How Might Hyperlinks Express Shyness? and Other Queer Interfaces

Elena Lee Gold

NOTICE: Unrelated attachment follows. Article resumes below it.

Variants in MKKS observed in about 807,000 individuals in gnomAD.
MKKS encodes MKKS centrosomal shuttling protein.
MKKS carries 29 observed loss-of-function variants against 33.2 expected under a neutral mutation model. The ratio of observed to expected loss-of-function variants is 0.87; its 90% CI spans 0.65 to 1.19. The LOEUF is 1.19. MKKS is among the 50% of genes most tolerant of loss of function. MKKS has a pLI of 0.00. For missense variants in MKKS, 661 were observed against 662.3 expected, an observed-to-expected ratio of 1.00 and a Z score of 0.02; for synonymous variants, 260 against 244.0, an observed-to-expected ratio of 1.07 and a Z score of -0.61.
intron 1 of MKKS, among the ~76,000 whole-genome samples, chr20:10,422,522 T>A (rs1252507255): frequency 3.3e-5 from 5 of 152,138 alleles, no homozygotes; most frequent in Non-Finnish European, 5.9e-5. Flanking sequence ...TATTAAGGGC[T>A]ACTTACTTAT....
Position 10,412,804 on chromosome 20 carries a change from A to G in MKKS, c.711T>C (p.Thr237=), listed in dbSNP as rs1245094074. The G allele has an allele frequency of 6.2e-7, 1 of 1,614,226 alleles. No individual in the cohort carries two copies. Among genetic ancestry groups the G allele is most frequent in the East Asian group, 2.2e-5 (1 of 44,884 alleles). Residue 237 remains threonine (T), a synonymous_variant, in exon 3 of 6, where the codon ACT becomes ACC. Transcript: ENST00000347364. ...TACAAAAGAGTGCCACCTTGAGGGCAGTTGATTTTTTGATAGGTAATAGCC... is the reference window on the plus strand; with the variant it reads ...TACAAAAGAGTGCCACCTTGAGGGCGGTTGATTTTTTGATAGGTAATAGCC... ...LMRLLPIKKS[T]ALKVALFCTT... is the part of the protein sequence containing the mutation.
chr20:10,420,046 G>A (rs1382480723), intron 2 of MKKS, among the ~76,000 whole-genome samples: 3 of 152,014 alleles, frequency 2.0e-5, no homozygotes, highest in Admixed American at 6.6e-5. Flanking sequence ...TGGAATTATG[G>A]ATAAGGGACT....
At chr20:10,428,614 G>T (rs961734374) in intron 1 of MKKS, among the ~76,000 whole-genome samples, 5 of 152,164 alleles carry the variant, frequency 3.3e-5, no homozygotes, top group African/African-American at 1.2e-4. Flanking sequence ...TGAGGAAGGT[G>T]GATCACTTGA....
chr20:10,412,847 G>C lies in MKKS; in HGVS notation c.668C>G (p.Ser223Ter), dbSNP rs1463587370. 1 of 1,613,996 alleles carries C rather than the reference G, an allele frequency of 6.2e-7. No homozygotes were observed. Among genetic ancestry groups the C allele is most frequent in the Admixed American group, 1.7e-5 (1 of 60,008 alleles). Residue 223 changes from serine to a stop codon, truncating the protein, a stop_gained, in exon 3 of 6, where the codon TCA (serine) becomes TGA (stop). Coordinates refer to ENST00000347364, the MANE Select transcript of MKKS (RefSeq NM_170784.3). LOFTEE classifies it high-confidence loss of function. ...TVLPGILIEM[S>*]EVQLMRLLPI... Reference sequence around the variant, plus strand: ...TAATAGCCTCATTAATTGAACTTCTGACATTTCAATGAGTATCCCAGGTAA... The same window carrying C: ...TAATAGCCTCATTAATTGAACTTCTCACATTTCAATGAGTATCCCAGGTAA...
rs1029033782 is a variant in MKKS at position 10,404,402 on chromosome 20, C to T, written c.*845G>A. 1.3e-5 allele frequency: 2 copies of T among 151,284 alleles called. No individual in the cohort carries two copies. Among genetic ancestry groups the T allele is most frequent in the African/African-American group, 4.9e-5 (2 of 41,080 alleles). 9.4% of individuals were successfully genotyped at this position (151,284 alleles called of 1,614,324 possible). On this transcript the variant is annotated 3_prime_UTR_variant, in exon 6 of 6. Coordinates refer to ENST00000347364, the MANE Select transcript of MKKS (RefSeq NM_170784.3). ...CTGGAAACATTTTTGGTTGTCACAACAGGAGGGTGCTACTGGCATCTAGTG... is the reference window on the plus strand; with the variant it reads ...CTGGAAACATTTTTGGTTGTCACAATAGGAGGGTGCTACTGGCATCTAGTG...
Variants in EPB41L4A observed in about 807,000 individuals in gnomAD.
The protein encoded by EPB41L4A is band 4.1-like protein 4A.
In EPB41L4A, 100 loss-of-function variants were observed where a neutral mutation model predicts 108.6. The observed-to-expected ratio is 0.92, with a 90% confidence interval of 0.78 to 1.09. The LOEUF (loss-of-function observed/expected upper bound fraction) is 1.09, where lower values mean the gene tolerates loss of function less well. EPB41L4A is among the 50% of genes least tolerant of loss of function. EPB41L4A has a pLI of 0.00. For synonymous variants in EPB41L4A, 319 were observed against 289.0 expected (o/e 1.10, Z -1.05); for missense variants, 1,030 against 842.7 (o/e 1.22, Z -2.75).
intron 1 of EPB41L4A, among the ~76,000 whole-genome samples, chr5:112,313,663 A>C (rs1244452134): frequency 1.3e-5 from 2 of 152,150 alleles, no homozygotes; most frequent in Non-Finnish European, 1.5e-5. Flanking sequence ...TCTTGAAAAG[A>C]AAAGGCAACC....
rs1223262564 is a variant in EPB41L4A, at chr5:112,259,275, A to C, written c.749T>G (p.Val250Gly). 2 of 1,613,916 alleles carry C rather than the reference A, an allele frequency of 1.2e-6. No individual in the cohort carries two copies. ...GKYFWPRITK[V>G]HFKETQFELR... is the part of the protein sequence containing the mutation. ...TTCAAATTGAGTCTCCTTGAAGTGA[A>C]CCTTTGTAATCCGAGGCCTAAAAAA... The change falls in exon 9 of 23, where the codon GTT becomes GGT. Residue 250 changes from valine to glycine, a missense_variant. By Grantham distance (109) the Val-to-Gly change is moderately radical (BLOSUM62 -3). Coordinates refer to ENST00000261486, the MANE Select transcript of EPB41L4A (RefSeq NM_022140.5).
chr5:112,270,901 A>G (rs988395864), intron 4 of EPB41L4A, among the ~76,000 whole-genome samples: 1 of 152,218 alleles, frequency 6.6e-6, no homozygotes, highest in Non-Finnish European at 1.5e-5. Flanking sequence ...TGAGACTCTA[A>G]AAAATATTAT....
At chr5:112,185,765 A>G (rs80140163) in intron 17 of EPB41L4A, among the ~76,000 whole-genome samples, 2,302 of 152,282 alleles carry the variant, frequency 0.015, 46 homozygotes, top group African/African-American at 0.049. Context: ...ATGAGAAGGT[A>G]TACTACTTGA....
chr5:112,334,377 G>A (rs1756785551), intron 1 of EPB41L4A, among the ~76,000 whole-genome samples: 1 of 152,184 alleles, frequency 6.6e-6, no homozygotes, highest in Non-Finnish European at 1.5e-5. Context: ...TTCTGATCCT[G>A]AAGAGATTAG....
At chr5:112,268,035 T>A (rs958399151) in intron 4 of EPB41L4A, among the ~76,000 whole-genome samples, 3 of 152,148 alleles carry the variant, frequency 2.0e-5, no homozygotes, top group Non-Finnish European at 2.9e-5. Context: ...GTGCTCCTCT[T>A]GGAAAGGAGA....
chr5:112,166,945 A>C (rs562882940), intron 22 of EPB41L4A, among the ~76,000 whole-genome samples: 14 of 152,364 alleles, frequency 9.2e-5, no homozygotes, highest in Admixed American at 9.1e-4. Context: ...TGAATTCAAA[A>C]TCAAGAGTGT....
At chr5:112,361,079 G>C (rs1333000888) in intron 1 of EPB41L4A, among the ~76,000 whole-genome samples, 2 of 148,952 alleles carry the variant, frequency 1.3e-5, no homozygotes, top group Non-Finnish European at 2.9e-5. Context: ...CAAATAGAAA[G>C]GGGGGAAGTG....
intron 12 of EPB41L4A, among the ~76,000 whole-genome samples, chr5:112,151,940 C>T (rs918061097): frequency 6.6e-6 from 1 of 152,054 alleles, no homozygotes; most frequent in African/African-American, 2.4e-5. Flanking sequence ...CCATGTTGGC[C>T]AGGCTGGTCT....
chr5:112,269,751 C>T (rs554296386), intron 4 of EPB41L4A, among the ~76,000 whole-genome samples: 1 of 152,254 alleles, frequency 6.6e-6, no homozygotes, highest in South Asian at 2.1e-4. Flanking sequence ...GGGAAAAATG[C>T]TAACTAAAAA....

The year 2020 marks a cultural shift around the world, and for many Americans, a shift from an optional digital existence to an increasingly mandatory one. The buzz around the changing landscape of our online world has been constant, ranging from outrage from disability advocates regarding the work from home shift, to delight from introverts tweeting that they were “born for this.” Though the shift to an online existence is seemingly innocuous, there is a dangerousness in the way our digital spaces are made to feel public. Take, for example, the Google homepage. When one lands on the page they are presented with an open search bar and not much else. Google’s search bar grants us an illusion of freedom, the blank, open bar invites us to ask any question we might have, almost like a magic 8-ball. The design of this interface makes it seem like Google provides a service that gives answers to questions, when that’s far from the case. Google is first and foremost a company that serves its advertisers through its platform. Its algorithm delivers its search results tightly tailored to fit its profile of the searcher, or worse, tailored to what it thinks the searcher might click on. Dr. Safiya Noble, author of Algorithms of Oppression: How Search Engines Reinforce Racism, references an example she discovered in 2011, in which Google presented users who searched for “black girls” with the top results pointing to pornography sites, a product of what likely was highly profitable for Google (Noble). It is likely that the design of Google search, namely the aforementioned blank bar, allows its users to feel like they can type in their most intimate questions. Google capitalizes on this design choice, of course, by parsing this data into advertising gold. Much like our physical world, our digital world is shaped by our cultural values and economic systems; In the case of Google and many other technologies, though built under the guise of utility, is still in line with our most important culture value: profit.